Mboweni has sternly said Treasury will not continue to provide struggling state companies with further government guarantees because it cannot afford to have more debt on its books. If those companies – including SAA – need money they can ask for a loan, or go to the banks, is the message.
Now SAA is in a race against time. It needs to find R2bn to help sustain its operations until the end of the financial year and will have to do so by going to commercial banks – who seemingly aren’t willing to pump money into a failing enterprise facing the prospect of a massive strike which could ground planes for weeks on end.
In this game of brinkmanship, it is Mboweni staring down the unions, and in the end, it could finally be the unions – and Jim – who will be responsible for the end of SAA and the biggest restructuring of government’s balance sheet in decades.
If SAA does not get funding from private banks, and Mboweni refuses a guarantee or a loan (as he should, given his public statements on the matter), SAA will be shuttered and wound up.
Government will engage with lenders to prevent cross-guarantees (e.g. loans to Eskom and other state companies by the same lenders) being called in and embark on a fire sale: breaking up SAA and selling different parts to private companies. Efforts will be made to preserve as many jobs as possible at, for example SAA Technical, but thousands will be lost.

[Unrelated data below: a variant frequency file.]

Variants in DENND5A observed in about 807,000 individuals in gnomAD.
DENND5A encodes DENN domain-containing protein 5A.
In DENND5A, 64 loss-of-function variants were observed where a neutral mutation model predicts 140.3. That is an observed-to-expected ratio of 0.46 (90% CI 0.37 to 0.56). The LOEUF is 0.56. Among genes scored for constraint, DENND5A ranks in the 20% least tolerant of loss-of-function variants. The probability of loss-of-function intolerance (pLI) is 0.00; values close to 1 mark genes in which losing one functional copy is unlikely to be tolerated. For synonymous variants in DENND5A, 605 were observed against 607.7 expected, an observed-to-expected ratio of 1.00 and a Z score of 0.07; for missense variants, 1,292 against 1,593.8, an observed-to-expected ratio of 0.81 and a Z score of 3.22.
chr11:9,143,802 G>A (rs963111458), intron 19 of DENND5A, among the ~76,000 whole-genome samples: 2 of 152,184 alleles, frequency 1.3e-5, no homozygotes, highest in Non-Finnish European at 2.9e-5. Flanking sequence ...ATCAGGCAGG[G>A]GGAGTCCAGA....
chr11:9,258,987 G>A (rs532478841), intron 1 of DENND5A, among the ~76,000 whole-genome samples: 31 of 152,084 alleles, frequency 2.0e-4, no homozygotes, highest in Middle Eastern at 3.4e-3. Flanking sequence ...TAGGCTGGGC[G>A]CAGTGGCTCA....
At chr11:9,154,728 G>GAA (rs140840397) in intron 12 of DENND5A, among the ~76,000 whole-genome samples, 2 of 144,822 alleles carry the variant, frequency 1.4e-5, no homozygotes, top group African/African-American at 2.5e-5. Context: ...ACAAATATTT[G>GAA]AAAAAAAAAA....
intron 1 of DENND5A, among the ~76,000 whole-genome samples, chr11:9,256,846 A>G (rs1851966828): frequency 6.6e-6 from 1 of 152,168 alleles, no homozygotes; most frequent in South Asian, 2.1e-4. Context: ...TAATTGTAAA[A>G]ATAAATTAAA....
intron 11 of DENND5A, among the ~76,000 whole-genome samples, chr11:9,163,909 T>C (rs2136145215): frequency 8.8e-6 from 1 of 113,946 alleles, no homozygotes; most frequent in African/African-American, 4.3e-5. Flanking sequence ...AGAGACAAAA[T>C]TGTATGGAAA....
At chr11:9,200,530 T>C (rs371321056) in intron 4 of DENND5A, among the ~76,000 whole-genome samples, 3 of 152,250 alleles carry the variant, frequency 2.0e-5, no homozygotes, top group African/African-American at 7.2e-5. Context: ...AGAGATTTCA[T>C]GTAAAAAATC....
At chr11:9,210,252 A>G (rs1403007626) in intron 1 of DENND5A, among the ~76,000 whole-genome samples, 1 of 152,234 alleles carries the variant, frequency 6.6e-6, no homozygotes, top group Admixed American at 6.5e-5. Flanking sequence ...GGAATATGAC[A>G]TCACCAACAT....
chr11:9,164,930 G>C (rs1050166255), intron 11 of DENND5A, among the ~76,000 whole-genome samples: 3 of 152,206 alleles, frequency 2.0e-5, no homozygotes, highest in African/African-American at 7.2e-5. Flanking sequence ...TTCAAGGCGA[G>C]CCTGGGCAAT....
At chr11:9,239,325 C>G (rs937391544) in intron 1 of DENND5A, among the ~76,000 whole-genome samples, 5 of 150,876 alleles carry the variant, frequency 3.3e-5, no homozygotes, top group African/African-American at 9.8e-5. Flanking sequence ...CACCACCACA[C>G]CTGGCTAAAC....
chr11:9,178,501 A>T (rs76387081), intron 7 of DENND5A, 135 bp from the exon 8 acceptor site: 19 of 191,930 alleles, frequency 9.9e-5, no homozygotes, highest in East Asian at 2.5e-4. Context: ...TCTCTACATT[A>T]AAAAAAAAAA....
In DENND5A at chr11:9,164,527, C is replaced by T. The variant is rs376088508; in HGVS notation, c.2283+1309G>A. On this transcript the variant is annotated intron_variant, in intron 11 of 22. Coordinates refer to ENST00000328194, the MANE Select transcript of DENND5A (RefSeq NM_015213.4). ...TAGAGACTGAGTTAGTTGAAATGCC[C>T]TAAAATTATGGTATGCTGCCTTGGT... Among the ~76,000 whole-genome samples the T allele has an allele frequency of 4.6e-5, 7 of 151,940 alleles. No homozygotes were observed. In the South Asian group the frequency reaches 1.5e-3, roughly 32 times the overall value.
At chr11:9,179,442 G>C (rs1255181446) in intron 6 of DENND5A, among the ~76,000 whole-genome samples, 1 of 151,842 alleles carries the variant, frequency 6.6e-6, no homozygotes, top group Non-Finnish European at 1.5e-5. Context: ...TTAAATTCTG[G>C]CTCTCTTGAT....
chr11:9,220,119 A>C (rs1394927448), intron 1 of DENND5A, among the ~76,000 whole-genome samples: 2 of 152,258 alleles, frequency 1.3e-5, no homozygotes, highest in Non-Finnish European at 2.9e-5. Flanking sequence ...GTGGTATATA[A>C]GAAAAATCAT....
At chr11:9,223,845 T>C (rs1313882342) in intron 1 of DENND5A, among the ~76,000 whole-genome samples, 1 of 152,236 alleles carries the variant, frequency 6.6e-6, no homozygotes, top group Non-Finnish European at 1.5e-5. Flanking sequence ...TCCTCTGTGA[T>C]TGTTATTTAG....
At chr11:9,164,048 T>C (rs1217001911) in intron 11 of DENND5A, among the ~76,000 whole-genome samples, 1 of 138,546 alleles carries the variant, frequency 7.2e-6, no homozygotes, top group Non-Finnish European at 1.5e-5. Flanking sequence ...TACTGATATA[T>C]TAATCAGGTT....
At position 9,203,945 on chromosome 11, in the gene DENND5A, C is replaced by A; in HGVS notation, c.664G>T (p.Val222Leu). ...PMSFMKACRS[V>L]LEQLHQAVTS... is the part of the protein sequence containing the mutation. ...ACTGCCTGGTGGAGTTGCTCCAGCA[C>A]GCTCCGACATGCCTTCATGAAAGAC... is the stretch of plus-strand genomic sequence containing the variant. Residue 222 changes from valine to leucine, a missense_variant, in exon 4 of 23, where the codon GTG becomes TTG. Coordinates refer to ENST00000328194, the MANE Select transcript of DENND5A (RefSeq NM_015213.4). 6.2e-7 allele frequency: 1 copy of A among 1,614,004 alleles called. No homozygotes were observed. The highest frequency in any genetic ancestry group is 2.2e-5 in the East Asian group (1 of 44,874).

South Africa’s debt burden will however be significantly eased, and the private sector will inevitably step in to fill the void left by SAA.
A precursor to Eskom
Could this be a precursor to events at Eskom? Because whichever way you spin it, the electricity utility needs the same shock as the one delivered to SAA this week. Only in a much higher voltage.
Both SAA and Eskom are terminal debt traps. SAA’s is big, but Eskom’s is exponentially bigger. While SAA doesn’t threaten the country’s survival, Eskom certainly does. And, like at SAA, the unions hold enormous power.
If government embarks on the same restructuring route at Eskom as it is doing at SAA, as it must, the reaction from Jim and Numsa will be much more militant than what we’re seeing now. South Africans can survive without SAA, but not Eskom. The winter of 2018, when blackouts swept the country and rumours of sabotage abounded, could be a reminder as the good old days if the process isn’t managed and contained.
The Eskom restructuring has already started. The separation of the company into three subsidiaries has quietly begun and although there aren’t any indications of retrenchments yet there are plans afoot to rationalise the company’s workforce of 46 000 employees into something leaner, more efficient and eminently more affordable.
There’s no doubt that the success of the Ramaphosa presidency rests on the shoulders of Mboweni and Gordhan. Both men are trusted lieutenants of the president, and both have deep knowledge and understanding of the precarious position of the national accounts.
Mboweni was a former labour minister who became governor of the central bank before he was sent to Treasury. Gordhan is credited with modernising the SA Revenue Service before he became finance minister (twice) and is now heading the rationalisation of state companies.
Ramaphosa will have to manage internal and alliance politics. The ANC and its partners have for too long simply ignored the realities of the country’s deteriorating situation, opting to live off the fat of capture and hubris.
Now it is up to Mboweni to push through painful interventions, and to confront the unions. And it is up to Gordhan to restructure loss-making companies. If they don’t, we might all fail.